A three-judge U.S. Appeals Court panel has ruled that the family of murdered American security contractor Mark Parsons can sue the Palestinian Authority (PA) for providing material support to terrorists.
Parsons was one of three Americans providing security for a U.S. diplomatic convoy traveling from Tel Aviv to Gaza City on Oct. 15, 2003 to interview Palestinian applicants for Fulbright scholarships. Minutes after the convoy crossed into Gaza, a massive roadside bomb went off, killing him and two colleagues.
Parsons' relatives filed suit in federal court under the Anti-Terrorism Act of 1991 charging that the PA had provided material support for and conspired with the killers. The district court granted summary judgment to the PA in May 2010, saying there was insufficient evidence to tie the PA to the attack.
Writing for the District of Columbia Court of Appeals, Judge David S. Tatel reversed a critical part of that ruling which dismissed allegations that PA officials had provided material support for terrorism. According to Tatel, "a reasonable juror could conclude that Palestinian Authority employees provided material support to the bomber" who killed the Americans.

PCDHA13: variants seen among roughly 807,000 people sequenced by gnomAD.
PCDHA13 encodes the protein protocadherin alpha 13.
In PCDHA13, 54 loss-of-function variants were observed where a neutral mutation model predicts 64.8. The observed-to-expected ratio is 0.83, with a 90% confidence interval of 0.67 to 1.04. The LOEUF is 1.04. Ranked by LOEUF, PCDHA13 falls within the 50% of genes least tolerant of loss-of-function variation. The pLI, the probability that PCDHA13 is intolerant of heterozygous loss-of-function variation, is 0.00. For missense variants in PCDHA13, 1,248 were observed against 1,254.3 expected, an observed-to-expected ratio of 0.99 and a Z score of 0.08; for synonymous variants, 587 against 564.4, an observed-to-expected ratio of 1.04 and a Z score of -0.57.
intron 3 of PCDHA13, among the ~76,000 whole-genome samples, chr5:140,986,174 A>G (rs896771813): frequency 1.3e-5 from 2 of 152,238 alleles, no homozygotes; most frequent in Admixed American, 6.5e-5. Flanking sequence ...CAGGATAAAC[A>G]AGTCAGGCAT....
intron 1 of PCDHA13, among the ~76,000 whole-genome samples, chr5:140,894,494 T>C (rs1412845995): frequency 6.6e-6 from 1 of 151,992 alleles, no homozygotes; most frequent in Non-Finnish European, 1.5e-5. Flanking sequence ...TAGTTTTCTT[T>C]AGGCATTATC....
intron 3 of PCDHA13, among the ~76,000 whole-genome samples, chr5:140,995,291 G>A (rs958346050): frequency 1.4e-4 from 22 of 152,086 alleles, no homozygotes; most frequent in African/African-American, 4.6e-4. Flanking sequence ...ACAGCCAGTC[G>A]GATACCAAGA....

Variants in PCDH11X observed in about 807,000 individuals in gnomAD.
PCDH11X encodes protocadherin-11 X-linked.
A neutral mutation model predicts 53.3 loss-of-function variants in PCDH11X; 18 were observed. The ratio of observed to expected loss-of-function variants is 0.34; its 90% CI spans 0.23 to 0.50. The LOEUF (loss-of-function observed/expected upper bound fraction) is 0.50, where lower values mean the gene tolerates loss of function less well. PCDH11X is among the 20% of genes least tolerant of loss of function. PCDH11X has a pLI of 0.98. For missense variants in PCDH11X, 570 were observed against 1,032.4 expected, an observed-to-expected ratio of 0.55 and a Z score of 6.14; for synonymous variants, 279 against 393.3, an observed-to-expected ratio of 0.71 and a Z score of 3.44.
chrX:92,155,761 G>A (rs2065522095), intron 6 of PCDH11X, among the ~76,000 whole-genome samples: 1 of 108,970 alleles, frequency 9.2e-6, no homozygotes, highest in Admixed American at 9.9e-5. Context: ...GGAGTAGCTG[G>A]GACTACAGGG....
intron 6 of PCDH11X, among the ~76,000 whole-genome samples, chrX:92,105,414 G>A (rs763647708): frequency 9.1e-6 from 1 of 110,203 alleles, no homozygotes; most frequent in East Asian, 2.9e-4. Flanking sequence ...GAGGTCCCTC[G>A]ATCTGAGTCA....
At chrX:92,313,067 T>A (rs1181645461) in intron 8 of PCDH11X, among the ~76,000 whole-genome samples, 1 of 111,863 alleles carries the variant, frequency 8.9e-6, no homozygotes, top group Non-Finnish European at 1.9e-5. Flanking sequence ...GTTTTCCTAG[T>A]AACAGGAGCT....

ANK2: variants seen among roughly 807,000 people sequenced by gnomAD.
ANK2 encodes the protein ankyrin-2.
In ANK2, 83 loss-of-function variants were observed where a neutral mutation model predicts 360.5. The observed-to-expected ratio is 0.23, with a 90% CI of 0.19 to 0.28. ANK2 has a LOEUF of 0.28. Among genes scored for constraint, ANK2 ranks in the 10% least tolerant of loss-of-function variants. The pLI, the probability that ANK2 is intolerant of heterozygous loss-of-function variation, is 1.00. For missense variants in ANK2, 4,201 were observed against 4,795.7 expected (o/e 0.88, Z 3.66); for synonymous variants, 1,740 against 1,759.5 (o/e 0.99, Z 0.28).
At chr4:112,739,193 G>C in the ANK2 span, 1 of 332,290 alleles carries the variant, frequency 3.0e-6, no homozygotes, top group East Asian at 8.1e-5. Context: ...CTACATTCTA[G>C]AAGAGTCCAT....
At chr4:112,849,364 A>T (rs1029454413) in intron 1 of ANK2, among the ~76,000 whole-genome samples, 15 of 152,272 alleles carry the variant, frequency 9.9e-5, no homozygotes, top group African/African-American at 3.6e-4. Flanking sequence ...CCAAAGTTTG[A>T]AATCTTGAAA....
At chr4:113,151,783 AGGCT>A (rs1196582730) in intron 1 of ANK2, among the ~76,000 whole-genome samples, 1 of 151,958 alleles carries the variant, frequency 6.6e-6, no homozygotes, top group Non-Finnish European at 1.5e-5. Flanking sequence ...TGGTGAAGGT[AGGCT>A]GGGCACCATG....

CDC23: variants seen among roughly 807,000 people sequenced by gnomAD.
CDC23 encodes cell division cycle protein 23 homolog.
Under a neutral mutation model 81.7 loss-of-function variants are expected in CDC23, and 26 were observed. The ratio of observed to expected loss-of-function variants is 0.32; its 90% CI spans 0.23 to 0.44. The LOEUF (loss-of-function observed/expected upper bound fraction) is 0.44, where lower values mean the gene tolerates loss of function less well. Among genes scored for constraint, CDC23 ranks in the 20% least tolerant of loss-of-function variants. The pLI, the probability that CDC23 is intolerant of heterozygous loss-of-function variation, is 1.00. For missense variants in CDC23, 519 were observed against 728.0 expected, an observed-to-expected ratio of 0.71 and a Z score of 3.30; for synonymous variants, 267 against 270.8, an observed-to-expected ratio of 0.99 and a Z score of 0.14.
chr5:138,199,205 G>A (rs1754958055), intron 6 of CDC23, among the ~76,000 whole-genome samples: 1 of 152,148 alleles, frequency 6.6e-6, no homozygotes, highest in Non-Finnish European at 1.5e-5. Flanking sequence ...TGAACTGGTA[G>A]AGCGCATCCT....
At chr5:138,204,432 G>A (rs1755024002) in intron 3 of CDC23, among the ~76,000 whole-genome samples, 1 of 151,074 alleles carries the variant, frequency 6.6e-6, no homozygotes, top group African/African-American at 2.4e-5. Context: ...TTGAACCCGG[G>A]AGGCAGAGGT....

Amer Qarmout, a leader of a small terrorist faction called the Popular Resistance Committees, told PA interrogators that he supervised the digging of a hole in which he planned to plant a bomb on a nearby street several days before the October 2003 attack. Qarmout said members of the group dug the hole in front of PA security forces.
A memo written to the "Director General of the Preventive Security Service" and discovered in the PA's investigative file includes "several statements about the role Palestinian Authority employees played in the bombing," Tatel noted in his majority opinion.
"The explosive device was planted 20 meters from the [PA} National Security checkpoint, a fact that indicates that those present in front of the checkpoint that day have previous knowledge of the presence of the device," the memo read.
The bombing occurred after information about the arrival of U.S. embassy staff was leaked, either by PA national security officials accompanying the convoy or manning the checkpoint, the writer concluded.
The appellate court concluded that "a reasonable juror could find on the basis of the family's evidence that Qarmout planted the bomb that killed Parsons and that the Palestinian Security forces at the nearby security checkpoint complied with Qarmout's request not to interfere with his effort to plant a bomb."
Read more about the case here.